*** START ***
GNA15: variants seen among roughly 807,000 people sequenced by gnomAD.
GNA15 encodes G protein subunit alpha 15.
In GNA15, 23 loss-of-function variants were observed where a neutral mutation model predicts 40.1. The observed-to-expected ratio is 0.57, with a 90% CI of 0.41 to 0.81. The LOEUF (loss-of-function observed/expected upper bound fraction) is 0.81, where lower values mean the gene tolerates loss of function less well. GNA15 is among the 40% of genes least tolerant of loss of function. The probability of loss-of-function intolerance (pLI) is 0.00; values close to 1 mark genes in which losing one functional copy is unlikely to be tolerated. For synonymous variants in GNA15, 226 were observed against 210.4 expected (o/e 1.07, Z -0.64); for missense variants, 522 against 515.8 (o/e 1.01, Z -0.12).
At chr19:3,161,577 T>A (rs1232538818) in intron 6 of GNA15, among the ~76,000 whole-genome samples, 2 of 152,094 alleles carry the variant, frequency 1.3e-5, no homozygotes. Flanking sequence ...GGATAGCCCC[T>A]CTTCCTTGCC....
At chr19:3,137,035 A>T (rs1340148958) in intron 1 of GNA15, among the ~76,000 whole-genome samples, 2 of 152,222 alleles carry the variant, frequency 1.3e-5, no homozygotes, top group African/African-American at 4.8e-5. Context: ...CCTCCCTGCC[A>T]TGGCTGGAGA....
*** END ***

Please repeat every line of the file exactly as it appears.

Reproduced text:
GNA15: variants seen among roughly 807,000 people sequenced by gnomAD.
GNA15 encodes G protein subunit alpha 15.
In GNA15, 23 loss-of-function variants were observed where a neutral mutation model predicts 40.1. The observed-to-expected ratio is 0.57, with a 90% CI of 0.41 to 0.81. The LOEUF (loss-of-function observed/expected upper bound fraction) is 0.81, where lower values mean the gene tolerates loss of function less well. GNA15 is among the 40% of genes least tolerant of loss of function. The probability of loss-of-function intolerance (pLI) is 0.00; values close to 1 mark genes in which losing one functional copy is unlikely to be tolerated. For synonymous variants in GNA15, 226 were observed against 210.4 expected (o/e 1.07, Z -0.64); for missense variants, 522 against 515.8 (o/e 1.01, Z -0.12).
At chr19:3,161,577 T>A (rs1232538818) in intron 6 of GNA15, among the ~76,000 whole-genome samples, 2 of 152,094 alleles carry the variant, frequency 1.3e-5, no homozygotes. Flanking sequence ...GGATAGCCCC[T>A]CTTCCTTGCC....
At chr19:3,137,035 A>T (rs1340148958) in intron 1 of GNA15, among the ~76,000 whole-genome samples, 2 of 152,222 alleles carry the variant, frequency 1.3e-5, no homozygotes, top group African/African-American at 4.8e-5. Context: ...CCTCCCTGCC[A>T]TGGCTGGAGA....